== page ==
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Leasing process for floating wind farms in the Celtic Sea reaches first milestone


Plans to establish a new generation of floating offshore wind farms off the coast of South West England and South Wales have taken a step forward with the conclusion of one of the opening stages of the tender process for Offshore Wind Leasing Round 5.

Developers wishing to bid for one of three Project Development Areas (PDAs) have now submitted their responses to the Pre-Qualification Questionnaire (PQQ), which requires them to demonstrate their technical experience, as well as their legal and financial standing before progressing through the process.

The milestone comes as a major programme of marine surveys continues around proposed sites for the new windfarms, supported by a group of young seafarers taking their first steps into a maritime career.

A core objective of The Crown Estate’s leasing round is to support the establishment of a new supply chain and on-shore opportunities arising from a new floating wind industry in the Celtic Sea. This includes a clear focus on ports, which will have a critical role to play in the assembly of the new turbines as well their ongoing operation and maintenance.

Bidders who progress beyond the PQQ stage of the tender process will move forward to Invitation to Tender Stage 1 (ITT1), where they will be expected to set out their plans for delivering broader social and environmental value through their projects. This includes how they intend to work with ports, and demonstrate they have reached agreements with port operators to support the delivery of their proposed wind farms.

Floating offshore wind is a new technology that enables turbines to be mounted on floating platforms, before being towed out to sea and tethered to the seabed. This means that new areas of deeper water can be used for the generation of renewable energy, and can be located further out to sea where the wind patterns are stronger and more reliable.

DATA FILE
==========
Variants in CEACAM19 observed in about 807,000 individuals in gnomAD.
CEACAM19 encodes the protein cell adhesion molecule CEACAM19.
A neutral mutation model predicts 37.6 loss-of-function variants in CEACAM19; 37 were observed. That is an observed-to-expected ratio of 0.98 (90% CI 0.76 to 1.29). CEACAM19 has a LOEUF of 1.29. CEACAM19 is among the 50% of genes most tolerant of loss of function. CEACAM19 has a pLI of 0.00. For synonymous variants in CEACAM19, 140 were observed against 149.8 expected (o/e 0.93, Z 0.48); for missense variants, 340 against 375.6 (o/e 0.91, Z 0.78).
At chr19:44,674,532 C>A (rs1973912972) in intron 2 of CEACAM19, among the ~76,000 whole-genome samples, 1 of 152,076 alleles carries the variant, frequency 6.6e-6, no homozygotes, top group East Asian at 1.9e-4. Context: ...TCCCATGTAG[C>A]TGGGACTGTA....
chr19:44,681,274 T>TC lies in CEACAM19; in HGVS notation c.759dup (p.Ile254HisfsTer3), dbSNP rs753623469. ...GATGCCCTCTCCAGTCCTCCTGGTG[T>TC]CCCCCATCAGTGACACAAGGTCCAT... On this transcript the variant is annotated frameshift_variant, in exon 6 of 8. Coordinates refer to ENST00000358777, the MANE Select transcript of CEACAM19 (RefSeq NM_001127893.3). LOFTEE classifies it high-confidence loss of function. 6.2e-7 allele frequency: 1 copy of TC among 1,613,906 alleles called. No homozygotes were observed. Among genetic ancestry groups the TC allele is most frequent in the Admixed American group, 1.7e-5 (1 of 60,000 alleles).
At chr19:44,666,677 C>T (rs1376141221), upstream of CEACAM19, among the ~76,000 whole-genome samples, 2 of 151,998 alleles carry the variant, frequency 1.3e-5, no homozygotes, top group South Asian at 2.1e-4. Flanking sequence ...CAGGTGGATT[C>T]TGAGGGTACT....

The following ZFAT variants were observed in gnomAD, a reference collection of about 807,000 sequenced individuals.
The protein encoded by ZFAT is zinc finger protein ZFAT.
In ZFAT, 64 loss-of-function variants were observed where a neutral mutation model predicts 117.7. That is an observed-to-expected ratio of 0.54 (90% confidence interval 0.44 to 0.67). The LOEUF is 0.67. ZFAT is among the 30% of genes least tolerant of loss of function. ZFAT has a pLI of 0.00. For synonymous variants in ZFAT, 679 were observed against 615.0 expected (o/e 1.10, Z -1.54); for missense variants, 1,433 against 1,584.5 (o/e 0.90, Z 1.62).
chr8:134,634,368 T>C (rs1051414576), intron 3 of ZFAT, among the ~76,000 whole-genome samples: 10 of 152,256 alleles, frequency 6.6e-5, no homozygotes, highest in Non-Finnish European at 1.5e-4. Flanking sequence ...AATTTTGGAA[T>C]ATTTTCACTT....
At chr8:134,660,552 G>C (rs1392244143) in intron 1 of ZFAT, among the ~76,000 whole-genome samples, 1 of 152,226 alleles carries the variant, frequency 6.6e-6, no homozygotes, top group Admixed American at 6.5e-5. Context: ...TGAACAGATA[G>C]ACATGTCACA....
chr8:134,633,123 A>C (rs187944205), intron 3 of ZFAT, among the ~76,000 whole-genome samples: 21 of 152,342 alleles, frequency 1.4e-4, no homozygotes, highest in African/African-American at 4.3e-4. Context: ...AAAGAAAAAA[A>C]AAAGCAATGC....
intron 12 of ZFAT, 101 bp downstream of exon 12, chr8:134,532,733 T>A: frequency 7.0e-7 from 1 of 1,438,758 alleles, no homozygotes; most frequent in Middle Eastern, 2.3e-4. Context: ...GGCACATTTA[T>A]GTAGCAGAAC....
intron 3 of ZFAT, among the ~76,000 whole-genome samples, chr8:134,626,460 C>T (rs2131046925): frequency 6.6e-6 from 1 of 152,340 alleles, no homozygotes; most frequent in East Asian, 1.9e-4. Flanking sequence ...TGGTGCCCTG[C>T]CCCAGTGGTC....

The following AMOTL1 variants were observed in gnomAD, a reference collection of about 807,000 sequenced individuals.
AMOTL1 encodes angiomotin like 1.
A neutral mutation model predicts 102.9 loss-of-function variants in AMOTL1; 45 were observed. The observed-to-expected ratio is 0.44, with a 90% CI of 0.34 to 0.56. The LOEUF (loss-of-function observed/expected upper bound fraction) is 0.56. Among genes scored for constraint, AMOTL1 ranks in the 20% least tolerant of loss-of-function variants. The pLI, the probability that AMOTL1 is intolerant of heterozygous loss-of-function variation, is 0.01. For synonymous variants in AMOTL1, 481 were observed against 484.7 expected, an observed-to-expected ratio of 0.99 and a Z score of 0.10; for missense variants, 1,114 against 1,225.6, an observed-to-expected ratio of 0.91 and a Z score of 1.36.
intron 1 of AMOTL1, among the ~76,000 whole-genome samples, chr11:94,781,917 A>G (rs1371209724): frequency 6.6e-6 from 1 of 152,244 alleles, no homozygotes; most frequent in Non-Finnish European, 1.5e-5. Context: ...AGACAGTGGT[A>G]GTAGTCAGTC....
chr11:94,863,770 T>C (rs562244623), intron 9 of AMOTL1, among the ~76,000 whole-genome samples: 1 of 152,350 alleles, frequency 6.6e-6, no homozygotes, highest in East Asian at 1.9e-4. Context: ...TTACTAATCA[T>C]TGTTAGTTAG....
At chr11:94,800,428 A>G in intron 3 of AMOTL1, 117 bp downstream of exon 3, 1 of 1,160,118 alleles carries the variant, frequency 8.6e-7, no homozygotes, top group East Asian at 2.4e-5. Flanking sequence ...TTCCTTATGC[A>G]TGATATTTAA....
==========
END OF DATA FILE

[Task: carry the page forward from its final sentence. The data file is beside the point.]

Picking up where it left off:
A new generation of the marine workforce

As part of its work to de-risk and accelerate the deployment of new floating wind technology, The Crown Estate has been carrying out an extensive programme of marine and aerial surveys around the planned locations of the new windfarms. In recent weeks, vessels have been deployed with metocean equipment which will be gathering important data about wind, wave and current patterns, while a geophysics survey vessel has been looking at the geology both on and beneath the seabed.

To support this work, The Crown Estate has also signed a partnership with Sea Ranger Service – a social enterprise originally launched in the Netherlands, which aims to give young people from a range of backgrounds a route into maritime careers. At a recent event in Port Talbot, eight new recruits completed their initial training, ahead of setting sail to monitor sea birds and other marine animals in the Celtic Sea.

Expected timetable

The Crown Estate first set out plans in 2021 to establish a new market for floating offshore wind in the Celtic Sea. In December 2023 it published an Information Memorandum with further details of its Offshore Wind Leasing Round 5, ahead of the formal start of the tender process in February this year.

The Crown Estate expects to inform bidders of the outcome of the PQQ in early July, ahead of the start of ITT1 process in August.

The final stage of the tender process (ITT2) will see remaining successful developers participate in a “rising clock” auction for the three PDAs. This is expected to take place in Spring 2025.

The process is expected to conclude with the awarding of Agreements for Lease in Summer 2025.

Supply chain

In May, The Crown Estate’s innovative Supply Chain Accelerator launched with an initial £10m round of funding for businesses looking to establish UK projects that could support the development of a new UK supply chain capability for floating offshore wind in the Celtic Sea.

Expressions of Interest can be submitted now and the application process opens formally in mid-June, closing at the end of July.